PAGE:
N2 - Six hundred patients were prospectively randomized and given either diatrizoate meglumine 60 or iohexol 300 during dynamic contrast-enhanced body CT in order to compare image quality, contrast reactions, and the number of aborted studies or studies in which images had to be repeated. Three hundred two patients received iohexol 300, and 298 patients received diatrizoate meglumine 60. Thirty-nine percent (119/302) of the patients given iohexol 300 and 63% (188/298) of the patients given diatrizoate meglumine 60 had at least one adverse reaction thought to be related to contrast material during, or within 24 hr of, the body CT scan. When reactions of discomfort (heat or warmth, flushing, bad taste) were excluded, 16% (48/302) of the patients who received iohexol and 33% (99/298) of the patients who were given diatrizoate meglumine 60 had at least one adverse reaction. The differences in both types of reactions between the two agents were significant (p <.001). Among scans evaluated for study quality, 71% (214/302) of the iohexol 300 group and 62% (184/298) of the diatrizoate meglumine 60 group had optimal enhancement (p = .02). However, when the optimal and adequate categories were combined, 301 of 302 patients given iohexol 300 and 292 of 298 patients given diatrizoate meglumine 60 had diagnostic-quality studies (no statistical difference). Studies were not terminated nor were images repeated in 97% (292/302) of the patients given iohexol 300 and in 94% (280/298) of those given diatrizoate meglumine 60. The CT study was repeated because of movement during the contrast injection or aborted because of contrast-related reactions in 0.7% of the patients given iohexol 300 and in 3.0% of the patients given diatrizoate meglumine 60. This difference was statistically significant (p = .04). Our results suggest that the difference in image quality, number of adverse reactions, and number of aborted/repeated CT scans performed with iohexol 300 or diatrizoate meglumine 60 are not sufficiently different to warrant conversion to nonionic agents for body CT scans.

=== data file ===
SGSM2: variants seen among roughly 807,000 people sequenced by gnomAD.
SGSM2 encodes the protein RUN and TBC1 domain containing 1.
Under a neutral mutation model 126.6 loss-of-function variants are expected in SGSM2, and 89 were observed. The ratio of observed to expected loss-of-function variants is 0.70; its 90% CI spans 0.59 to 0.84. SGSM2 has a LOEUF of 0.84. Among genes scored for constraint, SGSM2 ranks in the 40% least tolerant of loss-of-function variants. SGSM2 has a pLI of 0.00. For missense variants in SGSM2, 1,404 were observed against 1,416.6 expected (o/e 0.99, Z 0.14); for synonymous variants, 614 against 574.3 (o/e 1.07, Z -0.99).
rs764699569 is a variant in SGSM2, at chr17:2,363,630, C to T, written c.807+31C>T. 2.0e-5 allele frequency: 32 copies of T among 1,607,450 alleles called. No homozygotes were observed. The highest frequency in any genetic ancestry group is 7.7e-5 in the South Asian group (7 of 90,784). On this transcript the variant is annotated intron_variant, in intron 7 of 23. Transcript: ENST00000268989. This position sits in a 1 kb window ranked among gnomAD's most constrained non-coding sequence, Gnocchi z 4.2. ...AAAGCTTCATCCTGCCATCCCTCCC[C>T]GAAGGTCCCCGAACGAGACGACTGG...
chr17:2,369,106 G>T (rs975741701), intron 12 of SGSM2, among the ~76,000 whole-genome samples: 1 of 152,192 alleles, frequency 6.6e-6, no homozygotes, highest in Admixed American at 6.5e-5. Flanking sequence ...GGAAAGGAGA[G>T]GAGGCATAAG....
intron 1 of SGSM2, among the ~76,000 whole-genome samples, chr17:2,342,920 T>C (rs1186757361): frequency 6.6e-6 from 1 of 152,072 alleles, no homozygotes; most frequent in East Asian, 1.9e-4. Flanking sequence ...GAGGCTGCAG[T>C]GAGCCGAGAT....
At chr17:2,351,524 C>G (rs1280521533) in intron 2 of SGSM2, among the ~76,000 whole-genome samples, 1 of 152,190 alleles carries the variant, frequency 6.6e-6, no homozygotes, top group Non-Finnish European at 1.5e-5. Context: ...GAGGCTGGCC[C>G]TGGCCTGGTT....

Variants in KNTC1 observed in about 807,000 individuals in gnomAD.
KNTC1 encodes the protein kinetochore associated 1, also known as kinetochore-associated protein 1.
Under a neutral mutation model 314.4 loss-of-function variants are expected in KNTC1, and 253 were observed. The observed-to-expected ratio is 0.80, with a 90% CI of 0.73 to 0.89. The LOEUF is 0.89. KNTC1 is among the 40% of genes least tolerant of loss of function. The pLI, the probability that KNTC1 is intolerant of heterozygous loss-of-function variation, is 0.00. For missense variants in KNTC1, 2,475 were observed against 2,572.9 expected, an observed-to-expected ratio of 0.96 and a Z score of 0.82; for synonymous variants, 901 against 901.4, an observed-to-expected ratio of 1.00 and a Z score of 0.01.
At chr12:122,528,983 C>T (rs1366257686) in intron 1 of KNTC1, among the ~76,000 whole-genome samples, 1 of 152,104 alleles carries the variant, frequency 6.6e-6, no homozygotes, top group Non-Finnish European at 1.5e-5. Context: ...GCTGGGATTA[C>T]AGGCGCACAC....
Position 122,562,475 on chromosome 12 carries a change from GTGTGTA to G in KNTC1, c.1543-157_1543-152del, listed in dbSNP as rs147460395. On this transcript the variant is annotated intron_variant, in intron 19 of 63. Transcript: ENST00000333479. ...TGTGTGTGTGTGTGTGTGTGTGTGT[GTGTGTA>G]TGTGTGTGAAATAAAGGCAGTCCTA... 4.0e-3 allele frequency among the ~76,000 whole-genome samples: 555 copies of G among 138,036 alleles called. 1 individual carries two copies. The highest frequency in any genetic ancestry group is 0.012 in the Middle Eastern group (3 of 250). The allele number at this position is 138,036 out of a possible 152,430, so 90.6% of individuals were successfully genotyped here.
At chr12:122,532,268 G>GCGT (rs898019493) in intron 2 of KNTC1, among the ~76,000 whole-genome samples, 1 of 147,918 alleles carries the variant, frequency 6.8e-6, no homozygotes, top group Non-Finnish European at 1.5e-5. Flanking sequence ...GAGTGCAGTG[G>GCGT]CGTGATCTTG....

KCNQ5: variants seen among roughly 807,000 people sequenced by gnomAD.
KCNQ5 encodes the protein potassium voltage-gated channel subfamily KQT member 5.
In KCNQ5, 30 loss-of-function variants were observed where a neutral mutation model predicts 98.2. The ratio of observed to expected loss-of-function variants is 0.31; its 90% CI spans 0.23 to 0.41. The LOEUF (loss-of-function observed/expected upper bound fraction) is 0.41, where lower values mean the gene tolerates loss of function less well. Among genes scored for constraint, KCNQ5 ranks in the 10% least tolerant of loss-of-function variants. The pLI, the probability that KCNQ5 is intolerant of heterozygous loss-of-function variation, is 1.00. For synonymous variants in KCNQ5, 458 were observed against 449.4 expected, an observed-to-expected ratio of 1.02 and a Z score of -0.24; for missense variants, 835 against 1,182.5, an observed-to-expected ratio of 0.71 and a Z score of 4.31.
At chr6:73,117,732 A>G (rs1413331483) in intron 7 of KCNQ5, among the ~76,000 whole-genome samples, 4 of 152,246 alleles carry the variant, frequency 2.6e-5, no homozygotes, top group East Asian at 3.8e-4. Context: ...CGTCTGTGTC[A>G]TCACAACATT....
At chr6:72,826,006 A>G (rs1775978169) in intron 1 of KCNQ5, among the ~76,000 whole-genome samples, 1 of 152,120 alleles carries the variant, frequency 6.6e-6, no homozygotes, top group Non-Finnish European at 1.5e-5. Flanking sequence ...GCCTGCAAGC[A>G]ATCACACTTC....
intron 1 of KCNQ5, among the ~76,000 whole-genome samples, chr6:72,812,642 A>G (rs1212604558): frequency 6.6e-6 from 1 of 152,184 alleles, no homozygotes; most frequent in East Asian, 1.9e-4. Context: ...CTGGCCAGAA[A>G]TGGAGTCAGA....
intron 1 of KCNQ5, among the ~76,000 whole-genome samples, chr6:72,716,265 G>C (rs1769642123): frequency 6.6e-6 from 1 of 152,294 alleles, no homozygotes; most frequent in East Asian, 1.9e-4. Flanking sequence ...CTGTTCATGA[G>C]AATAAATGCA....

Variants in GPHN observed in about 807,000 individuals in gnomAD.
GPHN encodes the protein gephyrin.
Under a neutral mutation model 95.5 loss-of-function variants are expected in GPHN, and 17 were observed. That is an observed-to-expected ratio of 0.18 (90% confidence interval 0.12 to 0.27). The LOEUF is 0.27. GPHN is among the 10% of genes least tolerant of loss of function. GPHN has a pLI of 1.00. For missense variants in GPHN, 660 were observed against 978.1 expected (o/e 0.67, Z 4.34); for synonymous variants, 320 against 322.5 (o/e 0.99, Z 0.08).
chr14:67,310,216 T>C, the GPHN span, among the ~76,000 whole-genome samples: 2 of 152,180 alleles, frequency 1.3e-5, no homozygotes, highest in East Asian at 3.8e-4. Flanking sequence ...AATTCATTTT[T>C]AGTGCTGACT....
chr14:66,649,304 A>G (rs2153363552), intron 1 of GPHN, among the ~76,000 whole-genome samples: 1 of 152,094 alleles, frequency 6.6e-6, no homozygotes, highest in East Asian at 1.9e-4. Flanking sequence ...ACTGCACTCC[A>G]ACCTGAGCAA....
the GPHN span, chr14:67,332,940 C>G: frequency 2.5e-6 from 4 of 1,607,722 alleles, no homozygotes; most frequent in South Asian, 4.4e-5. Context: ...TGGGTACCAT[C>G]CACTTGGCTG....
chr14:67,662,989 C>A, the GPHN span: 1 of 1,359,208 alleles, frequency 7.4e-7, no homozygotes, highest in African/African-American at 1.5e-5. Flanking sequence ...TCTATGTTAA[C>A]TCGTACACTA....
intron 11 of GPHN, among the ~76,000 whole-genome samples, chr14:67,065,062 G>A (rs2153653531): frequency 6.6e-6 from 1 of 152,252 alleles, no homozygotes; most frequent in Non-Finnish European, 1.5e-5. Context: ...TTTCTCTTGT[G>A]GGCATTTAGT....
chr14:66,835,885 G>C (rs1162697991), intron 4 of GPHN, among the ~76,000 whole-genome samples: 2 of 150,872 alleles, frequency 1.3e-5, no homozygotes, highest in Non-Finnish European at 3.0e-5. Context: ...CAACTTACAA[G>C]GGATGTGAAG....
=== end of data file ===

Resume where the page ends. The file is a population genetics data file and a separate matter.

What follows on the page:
AB - Six hundred patients were prospectively randomized and given either diatrizoate meglumine 60 or iohexol 300 during dynamic contrast-enhanced body CT in order to compare image quality, contrast reactions, and the number of aborted studies or studies in which images had to be repeated. Three hundred two patients received iohexol 300, and 298 patients received diatrizoate meglumine 60. Thirty-nine percent (119/302) of the patients given iohexol 300 and 63% (188/298) of the patients given diatrizoate meglumine 60 had at least one adverse reaction thought to be related to contrast material during, or within 24 hr of, the body CT scan. When reactions of discomfort (heat or warmth, flushing, bad taste) were excluded, 16% (48/302) of the patients who received iohexol and 33% (99/298) of the patients who were given diatrizoate meglumine 60 had at least one adverse reaction. The differences in both types of reactions between the two agents were significant (p <.001). Among scans evaluated for study quality, 71% (214/302) of the iohexol 300 group and 62% (184/298) of the diatrizoate meglumine 60 group had optimal enhancement (p = .02). However, when the optimal and adequate categories were combined, 301 of 302 patients given iohexol 300 and 292 of 298 patients given diatrizoate meglumine 60 had diagnostic-quality studies (no statistical difference). Studies were not terminated nor were images repeated in 97% (292/302) of the patients given iohexol 300 and in 94% (280/298) of those given diatrizoate meglumine 60. The CT study was repeated because of movement during the contrast injection or aborted because of contrast-related reactions in 0.7% of the patients given iohexol 300 and in 3.0% of the patients given diatrizoate meglumine 60. This difference was statistically significant (p = .04). Our results suggest that the difference in image quality, number of adverse reactions, and number of aborted/repeated CT scans performed with iohexol 300 or diatrizoate meglumine 60 are not sufficiently different to warrant conversion to nonionic agents for body CT scans.

UR - http://www.scopus.com/inward/record.url?scp=0026587457&partnerID=8YFLogxK

UR - http://www.scopus.com/inward/citedby.url?scp=0026587457&partnerID=8YFLogxK

M3 - Article

C2 - 1739017

AN - SCOPUS:0026587457

VL - 158

SP - 665

EP - 667

JO - American Journal of Roentgenology

JF - American Journal of Roentgenology

SN - 0361-803X

IS - 3

ER -